Composites or tooth colored fillings are used to “fill” areas of decay, restore fractured teeth in which cosmetic appearance is important. The shade of the restoration material is matched as closely as possible to the color of the natural tooth. This is typically the restoration of choice, unless treatment conditions dictate the use of another material.
What are Stainless Steel Crowns?
Stainless steel crowns are silver colored “caps” used to restore teeth that are too badly decayed to hold fillings, need a nerve treatment, or when durability is a concern. Crowns with white facings can be used on front teeth.
What is a Pulpotomy?
This procedure is a nerve treatment in which the sick portion of the tooth nerve is removed and medicine is placed in order to avoid extracting the tooth.
What is a Pulpectomy?
A pulpectomy is necessary when the nerve of the tooth is dead. The entire infected pulp is removed and medication is placed in the root canals.
What is Nitrous Oxide/Oxygen?
Nitrous Oxide (laughing gas) is breathed by your child with oxygen during the restorative appointment. It can be used to relax a mildly anxious child who is still cooperative and can help minimize discomfort.
What are Space Maintainers?
A space maintainer is used to hold space for a permanent tooth when a baby tooth has been prematurely lost. If space is not maintained, teeth on either side of the missing tooth can drift into the space and prevent the permanent tooth from erupting.
Why are “baby teeth” important?
Primary teeth have been labeled “baby teeth.” However, the first tooth is usually lost around age 6 and some primary molars must remain in place until 12 or 13 years of age. Primary teeth are necessary for proper chewing, speech, development of the jaws and esthetics. Care of the primary teeth is important not only for proper function, but also to avoid a number of unpleasant conditions, such as pain, that result from their neglect.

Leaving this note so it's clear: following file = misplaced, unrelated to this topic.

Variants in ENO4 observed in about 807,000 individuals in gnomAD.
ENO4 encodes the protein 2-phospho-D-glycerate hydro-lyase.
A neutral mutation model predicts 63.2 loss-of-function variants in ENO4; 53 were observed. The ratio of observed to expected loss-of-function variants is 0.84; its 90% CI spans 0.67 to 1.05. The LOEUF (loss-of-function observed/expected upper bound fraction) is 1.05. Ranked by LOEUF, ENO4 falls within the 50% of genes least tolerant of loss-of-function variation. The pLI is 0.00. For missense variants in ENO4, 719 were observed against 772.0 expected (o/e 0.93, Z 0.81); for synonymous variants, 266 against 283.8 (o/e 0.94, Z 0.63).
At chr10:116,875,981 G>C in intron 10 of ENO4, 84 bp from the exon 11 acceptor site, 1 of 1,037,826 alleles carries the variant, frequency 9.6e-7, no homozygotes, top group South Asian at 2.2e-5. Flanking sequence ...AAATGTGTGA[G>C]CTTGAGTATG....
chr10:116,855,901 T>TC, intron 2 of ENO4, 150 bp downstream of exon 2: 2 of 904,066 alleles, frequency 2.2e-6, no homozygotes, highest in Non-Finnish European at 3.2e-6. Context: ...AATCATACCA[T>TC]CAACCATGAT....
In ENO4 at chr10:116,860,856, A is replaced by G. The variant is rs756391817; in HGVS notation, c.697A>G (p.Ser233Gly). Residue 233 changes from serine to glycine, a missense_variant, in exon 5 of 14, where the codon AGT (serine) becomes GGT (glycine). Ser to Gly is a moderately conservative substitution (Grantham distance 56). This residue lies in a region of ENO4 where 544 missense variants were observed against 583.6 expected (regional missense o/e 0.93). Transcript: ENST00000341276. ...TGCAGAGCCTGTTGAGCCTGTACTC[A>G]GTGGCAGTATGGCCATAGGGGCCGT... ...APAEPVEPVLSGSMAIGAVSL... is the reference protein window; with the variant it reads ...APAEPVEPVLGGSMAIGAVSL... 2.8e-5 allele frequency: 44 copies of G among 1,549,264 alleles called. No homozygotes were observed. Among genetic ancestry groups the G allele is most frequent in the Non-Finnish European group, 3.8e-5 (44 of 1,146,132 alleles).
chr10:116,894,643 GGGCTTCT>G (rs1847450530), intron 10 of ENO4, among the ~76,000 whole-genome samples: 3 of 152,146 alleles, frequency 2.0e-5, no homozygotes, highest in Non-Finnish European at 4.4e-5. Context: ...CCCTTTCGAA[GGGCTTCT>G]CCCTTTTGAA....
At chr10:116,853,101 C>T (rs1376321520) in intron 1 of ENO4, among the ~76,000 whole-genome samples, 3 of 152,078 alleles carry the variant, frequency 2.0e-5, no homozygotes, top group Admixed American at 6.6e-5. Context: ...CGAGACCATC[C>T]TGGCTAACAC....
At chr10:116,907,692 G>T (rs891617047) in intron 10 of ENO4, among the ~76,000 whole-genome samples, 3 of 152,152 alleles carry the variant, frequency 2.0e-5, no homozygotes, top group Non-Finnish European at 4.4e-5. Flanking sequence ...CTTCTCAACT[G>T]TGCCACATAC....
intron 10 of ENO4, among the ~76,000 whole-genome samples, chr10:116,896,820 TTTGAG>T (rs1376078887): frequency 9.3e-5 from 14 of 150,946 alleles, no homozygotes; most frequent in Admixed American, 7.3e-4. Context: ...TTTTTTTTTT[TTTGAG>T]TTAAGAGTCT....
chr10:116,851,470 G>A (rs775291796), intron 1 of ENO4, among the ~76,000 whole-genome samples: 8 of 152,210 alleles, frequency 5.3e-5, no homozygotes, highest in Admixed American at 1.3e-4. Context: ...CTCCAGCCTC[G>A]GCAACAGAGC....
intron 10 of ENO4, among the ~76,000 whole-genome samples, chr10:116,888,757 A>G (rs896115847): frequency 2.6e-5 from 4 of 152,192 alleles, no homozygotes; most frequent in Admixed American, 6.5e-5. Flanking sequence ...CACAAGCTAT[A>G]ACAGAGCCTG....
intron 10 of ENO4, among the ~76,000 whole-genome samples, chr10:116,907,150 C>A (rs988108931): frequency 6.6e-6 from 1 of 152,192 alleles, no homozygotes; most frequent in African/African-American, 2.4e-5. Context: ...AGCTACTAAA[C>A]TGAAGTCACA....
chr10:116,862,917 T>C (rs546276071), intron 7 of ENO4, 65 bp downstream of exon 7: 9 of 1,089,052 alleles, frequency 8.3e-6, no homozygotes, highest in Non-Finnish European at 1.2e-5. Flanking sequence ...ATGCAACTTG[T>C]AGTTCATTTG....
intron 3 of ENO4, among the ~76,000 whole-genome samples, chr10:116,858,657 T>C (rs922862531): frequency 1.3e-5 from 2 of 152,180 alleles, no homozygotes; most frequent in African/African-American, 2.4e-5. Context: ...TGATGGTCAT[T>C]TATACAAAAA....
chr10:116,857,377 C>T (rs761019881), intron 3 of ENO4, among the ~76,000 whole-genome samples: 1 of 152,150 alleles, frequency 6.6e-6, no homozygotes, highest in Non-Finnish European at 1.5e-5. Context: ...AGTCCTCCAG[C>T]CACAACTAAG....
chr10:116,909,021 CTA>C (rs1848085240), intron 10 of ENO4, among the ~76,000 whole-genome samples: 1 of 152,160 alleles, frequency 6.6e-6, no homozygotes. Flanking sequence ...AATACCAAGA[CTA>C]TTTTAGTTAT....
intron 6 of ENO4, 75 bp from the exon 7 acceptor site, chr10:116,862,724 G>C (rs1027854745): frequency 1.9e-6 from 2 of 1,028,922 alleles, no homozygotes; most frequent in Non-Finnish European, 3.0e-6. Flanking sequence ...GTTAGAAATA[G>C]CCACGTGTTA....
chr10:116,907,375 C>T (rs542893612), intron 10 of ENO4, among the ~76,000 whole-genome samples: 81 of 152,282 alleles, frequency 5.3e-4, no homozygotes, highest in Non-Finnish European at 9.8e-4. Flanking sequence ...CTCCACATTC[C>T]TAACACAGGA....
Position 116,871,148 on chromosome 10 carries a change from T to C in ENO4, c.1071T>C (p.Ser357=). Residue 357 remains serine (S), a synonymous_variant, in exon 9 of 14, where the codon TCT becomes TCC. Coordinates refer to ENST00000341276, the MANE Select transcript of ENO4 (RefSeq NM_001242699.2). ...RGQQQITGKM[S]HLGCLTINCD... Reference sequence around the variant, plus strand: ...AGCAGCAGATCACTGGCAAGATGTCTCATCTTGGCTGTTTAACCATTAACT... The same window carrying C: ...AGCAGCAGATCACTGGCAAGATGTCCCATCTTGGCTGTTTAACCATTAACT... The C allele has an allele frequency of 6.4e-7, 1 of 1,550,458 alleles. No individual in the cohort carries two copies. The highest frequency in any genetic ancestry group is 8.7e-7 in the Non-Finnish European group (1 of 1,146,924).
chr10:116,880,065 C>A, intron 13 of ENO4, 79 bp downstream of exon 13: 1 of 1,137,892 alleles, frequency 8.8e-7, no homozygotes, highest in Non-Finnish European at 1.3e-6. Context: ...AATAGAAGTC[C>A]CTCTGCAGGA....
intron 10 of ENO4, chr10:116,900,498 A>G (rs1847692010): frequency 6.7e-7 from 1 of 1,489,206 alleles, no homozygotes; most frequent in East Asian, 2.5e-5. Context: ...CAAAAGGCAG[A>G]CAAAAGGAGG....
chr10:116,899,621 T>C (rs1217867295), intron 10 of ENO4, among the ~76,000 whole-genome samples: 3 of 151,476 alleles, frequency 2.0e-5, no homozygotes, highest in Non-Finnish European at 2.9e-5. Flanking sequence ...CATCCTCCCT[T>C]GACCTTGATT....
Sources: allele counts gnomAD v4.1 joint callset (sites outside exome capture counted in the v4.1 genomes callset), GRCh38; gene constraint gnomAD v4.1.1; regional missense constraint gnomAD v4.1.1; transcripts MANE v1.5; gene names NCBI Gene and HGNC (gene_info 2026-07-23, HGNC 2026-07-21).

Do you allow parents to come back with their children?
Parents are invited back to accompany their child during the initial examination and during any emergency visits. Additionally, parents are always allowed to accompany any child three years of age or younger. During other visits, we encourage parents to allow children to enter the treatment area alone. It is our experience that children typically behave better when their parents are not present, and thus tend to have a more positive experience. If we feel that your presence might benefit your child, we will ask you to join us in the treatment area. This arrangement allows the doctor and staff to communicate with your child directly without distractions. We are willing to make accommodations under special circumstances, but this can only be done during certain times of the day. Please let our receptionist know if you request special accommodations. During sedation and general anesthesia treatment, no parents are allowed to observe due to safety concerns. There can be no exceptions to this. Finally, if you expect your child to do well and enjoy their visit to our office, chances are they will do just that!
What do I do if my child is in an accident?
If your child has an accident, please call our office as soon as possible. We will see your child immediately. If it is an after-hours emergency, a pager number will be given on the answering machine. If you are unable to reach a member of our staff for any reason, proceed to the emergency room to ensure treatment in a timely manner.